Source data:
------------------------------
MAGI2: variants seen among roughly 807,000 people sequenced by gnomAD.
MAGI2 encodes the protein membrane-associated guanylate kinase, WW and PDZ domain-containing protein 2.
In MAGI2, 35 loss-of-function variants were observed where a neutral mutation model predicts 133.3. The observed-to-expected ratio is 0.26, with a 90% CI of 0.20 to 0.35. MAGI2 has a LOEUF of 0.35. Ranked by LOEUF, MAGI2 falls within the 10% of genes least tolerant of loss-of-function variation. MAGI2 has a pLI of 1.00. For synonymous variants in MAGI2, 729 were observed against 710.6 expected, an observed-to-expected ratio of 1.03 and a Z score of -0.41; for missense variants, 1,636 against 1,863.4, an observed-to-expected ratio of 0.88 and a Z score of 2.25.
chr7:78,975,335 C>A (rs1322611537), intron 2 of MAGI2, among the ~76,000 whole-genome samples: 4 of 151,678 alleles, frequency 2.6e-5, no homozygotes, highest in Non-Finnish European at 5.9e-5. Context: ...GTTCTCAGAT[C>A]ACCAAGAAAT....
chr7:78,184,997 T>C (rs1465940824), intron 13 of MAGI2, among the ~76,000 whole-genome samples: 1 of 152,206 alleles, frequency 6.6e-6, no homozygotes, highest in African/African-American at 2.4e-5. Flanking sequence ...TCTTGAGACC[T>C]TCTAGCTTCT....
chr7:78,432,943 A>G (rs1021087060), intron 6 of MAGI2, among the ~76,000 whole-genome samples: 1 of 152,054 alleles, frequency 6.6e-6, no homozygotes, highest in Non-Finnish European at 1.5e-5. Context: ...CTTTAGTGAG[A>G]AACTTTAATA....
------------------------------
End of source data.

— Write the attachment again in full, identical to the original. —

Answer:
MAGI2: variants seen among roughly 807,000 people sequenced by gnomAD.
MAGI2 encodes the protein membrane-associated guanylate kinase, WW and PDZ domain-containing protein 2.
In MAGI2, 35 loss-of-function variants were observed where a neutral mutation model predicts 133.3. The observed-to-expected ratio is 0.26, with a 90% CI of 0.20 to 0.35. MAGI2 has a LOEUF of 0.35. Ranked by LOEUF, MAGI2 falls within the 10% of genes least tolerant of loss-of-function variation. MAGI2 has a pLI of 1.00. For synonymous variants in MAGI2, 729 were observed against 710.6 expected, an observed-to-expected ratio of 1.03 and a Z score of -0.41; for missense variants, 1,636 against 1,863.4, an observed-to-expected ratio of 0.88 and a Z score of 2.25.
chr7:78,975,335 C>A (rs1322611537), intron 2 of MAGI2, among the ~76,000 whole-genome samples: 4 of 151,678 alleles, frequency 2.6e-5, no homozygotes, highest in Non-Finnish European at 5.9e-5. Context: ...GTTCTCAGAT[C>A]ACCAAGAAAT....
chr7:78,184,997 T>C (rs1465940824), intron 13 of MAGI2, among the ~76,000 whole-genome samples: 1 of 152,206 alleles, frequency 6.6e-6, no homozygotes, highest in African/African-American at 2.4e-5. Flanking sequence ...TCTTGAGACC[T>C]TCTAGCTTCT....
chr7:78,432,943 A>G (rs1021087060), intron 6 of MAGI2, among the ~76,000 whole-genome samples: 1 of 152,054 alleles, frequency 6.6e-6, no homozygotes, highest in Non-Finnish European at 1.5e-5. Context: ...CTTTAGTGAG[A>G]AACTTTAATA....